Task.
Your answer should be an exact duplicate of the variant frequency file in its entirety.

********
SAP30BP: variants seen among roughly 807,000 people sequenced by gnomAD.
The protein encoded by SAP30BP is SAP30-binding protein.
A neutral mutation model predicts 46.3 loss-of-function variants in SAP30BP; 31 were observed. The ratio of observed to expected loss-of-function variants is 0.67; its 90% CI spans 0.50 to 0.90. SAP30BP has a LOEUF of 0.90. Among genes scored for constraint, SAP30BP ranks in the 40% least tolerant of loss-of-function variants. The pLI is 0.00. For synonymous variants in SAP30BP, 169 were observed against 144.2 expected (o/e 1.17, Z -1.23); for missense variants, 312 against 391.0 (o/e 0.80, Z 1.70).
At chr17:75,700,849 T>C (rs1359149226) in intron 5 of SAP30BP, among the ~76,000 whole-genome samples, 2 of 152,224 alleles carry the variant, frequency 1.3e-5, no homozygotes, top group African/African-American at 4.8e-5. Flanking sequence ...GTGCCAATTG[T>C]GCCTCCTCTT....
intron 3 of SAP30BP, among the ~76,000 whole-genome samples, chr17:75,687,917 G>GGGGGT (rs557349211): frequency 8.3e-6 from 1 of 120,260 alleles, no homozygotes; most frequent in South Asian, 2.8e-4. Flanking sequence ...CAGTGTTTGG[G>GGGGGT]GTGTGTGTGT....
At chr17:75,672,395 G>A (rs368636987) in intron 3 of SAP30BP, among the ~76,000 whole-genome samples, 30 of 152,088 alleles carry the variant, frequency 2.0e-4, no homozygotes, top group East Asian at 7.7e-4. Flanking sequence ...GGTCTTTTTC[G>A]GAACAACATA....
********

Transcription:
SAP30BP: variants seen among roughly 807,000 people sequenced by gnomAD.
The protein encoded by SAP30BP is SAP30-binding protein.
A neutral mutation model predicts 46.3 loss-of-function variants in SAP30BP; 31 were observed. The ratio of observed to expected loss-of-function variants is 0.67; its 90% CI spans 0.50 to 0.90. SAP30BP has a LOEUF of 0.90. Among genes scored for constraint, SAP30BP ranks in the 40% least tolerant of loss-of-function variants. The pLI is 0.00. For synonymous variants in SAP30BP, 169 were observed against 144.2 expected (o/e 1.17, Z -1.23); for missense variants, 312 against 391.0 (o/e 0.80, Z 1.70).
At chr17:75,700,849 T>C (rs1359149226) in intron 5 of SAP30BP, among the ~76,000 whole-genome samples, 2 of 152,224 alleles carry the variant, frequency 1.3e-5, no homozygotes, top group African/African-American at 4.8e-5. Flanking sequence ...GTGCCAATTG[T>C]GCCTCCTCTT....
intron 3 of SAP30BP, among the ~76,000 whole-genome samples, chr17:75,687,917 G>GGGGGT (rs557349211): frequency 8.3e-6 from 1 of 120,260 alleles, no homozygotes; most frequent in South Asian, 2.8e-4. Flanking sequence ...CAGTGTTTGG[G>GGGGGT]GTGTGTGTGT....
At chr17:75,672,395 G>A (rs368636987) in intron 3 of SAP30BP, among the ~76,000 whole-genome samples, 30 of 152,088 alleles carry the variant, frequency 2.0e-4, no homozygotes, top group East Asian at 7.7e-4. Flanking sequence ...GGTCTTTTTC[G>A]GAACAACATA....